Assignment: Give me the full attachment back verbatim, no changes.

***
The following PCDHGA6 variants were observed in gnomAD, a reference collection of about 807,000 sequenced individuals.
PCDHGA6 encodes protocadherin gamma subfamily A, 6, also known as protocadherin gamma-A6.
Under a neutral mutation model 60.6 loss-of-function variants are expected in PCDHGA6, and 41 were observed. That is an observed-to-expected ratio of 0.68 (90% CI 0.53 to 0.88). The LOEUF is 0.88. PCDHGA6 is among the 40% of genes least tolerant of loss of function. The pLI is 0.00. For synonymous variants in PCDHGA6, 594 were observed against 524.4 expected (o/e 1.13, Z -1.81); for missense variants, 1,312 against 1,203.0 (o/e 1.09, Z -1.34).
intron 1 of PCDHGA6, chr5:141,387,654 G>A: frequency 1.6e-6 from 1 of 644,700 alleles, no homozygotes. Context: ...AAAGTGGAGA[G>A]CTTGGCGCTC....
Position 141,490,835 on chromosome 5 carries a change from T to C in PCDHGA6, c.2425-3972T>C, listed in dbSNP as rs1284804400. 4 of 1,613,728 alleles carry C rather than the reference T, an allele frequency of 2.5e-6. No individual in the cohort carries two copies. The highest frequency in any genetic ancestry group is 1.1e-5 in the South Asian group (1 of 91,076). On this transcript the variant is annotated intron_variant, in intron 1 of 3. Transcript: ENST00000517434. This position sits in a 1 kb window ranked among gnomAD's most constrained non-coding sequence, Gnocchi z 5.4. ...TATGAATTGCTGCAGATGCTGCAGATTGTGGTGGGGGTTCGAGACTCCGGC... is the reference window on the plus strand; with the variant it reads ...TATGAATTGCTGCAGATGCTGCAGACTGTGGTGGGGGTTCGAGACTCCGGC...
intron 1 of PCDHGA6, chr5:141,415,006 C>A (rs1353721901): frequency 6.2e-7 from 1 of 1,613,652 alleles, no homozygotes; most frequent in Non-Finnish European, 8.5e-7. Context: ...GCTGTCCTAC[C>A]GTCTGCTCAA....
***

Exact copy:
The following PCDHGA6 variants were observed in gnomAD, a reference collection of about 807,000 sequenced individuals.
PCDHGA6 encodes protocadherin gamma subfamily A, 6, also known as protocadherin gamma-A6.
Under a neutral mutation model 60.6 loss-of-function variants are expected in PCDHGA6, and 41 were observed. That is an observed-to-expected ratio of 0.68 (90% CI 0.53 to 0.88). The LOEUF is 0.88. PCDHGA6 is among the 40% of genes least tolerant of loss of function. The pLI is 0.00. For synonymous variants in PCDHGA6, 594 were observed against 524.4 expected (o/e 1.13, Z -1.81); for missense variants, 1,312 against 1,203.0 (o/e 1.09, Z -1.34).
intron 1 of PCDHGA6, chr5:141,387,654 G>A: frequency 1.6e-6 from 1 of 644,700 alleles, no homozygotes. Context: ...AAAGTGGAGA[G>A]CTTGGCGCTC....
Position 141,490,835 on chromosome 5 carries a change from T to C in PCDHGA6, c.2425-3972T>C, listed in dbSNP as rs1284804400. 4 of 1,613,728 alleles carry C rather than the reference T, an allele frequency of 2.5e-6. No individual in the cohort carries two copies. The highest frequency in any genetic ancestry group is 1.1e-5 in the South Asian group (1 of 91,076). On this transcript the variant is annotated intron_variant, in intron 1 of 3. Transcript: ENST00000517434. This position sits in a 1 kb window ranked among gnomAD's most constrained non-coding sequence, Gnocchi z 5.4. ...TATGAATTGCTGCAGATGCTGCAGATTGTGGTGGGGGTTCGAGACTCCGGC... is the reference window on the plus strand; with the variant it reads ...TATGAATTGCTGCAGATGCTGCAGACTGTGGTGGGGGTTCGAGACTCCGGC...
intron 1 of PCDHGA6, chr5:141,415,006 C>A (rs1353721901): frequency 6.2e-7 from 1 of 1,613,652 alleles, no homozygotes; most frequent in Non-Finnish European, 8.5e-7. Context: ...GCTGTCCTAC[C>A]GTCTGCTCAA....